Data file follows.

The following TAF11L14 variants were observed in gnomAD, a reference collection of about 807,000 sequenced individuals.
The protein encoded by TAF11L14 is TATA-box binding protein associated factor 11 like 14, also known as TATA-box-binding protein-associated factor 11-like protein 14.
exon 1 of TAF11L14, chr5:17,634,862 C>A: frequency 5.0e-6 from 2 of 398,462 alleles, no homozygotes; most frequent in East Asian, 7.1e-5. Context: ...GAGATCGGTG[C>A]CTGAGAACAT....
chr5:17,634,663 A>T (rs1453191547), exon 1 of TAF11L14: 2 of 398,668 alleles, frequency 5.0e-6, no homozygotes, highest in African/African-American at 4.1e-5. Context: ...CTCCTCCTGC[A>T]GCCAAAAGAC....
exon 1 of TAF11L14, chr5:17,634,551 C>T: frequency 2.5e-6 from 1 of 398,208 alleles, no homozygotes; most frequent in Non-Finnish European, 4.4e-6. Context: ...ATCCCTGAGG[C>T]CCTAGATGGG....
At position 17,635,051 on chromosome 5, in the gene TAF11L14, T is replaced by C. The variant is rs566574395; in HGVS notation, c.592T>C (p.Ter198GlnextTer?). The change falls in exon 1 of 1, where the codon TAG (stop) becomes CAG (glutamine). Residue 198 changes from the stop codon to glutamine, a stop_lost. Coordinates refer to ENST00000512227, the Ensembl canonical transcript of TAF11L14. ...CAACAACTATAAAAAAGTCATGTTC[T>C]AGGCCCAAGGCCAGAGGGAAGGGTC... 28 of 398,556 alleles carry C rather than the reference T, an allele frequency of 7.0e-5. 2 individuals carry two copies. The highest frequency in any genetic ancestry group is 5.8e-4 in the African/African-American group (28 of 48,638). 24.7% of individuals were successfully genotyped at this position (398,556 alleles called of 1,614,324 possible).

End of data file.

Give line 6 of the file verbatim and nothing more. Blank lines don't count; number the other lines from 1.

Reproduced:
At position 17,635,051 on chromosome 5, in the gene TAF11L14, T is replaced by C. The variant is rs566574395; in HGVS notation, c.592T>C (p.Ter198GlnextTer?). The change falls in exon 1 of 1, where the codon TAG (stop) becomes CAG (glutamine). Residue 198 changes from the stop codon to glutamine, a stop_lost. Coordinates refer to ENST00000512227, the Ensembl canonical transcript of TAF11L14. ...CAACAACTATAAAAAAGTCATGTTC[T>C]AGGCCCAAGGCCAGAGGGAAGGGTC... 28 of 398,556 alleles carry C rather than the reference T, an allele frequency of 7.0e-5. 2 individuals carry two copies. The highest frequency in any genetic ancestry group is 5.8e-4 in the African/African-American group (28 of 48,638). 24.7% of individuals were successfully genotyped at this position (398,556 alleles called of 1,614,324 possible).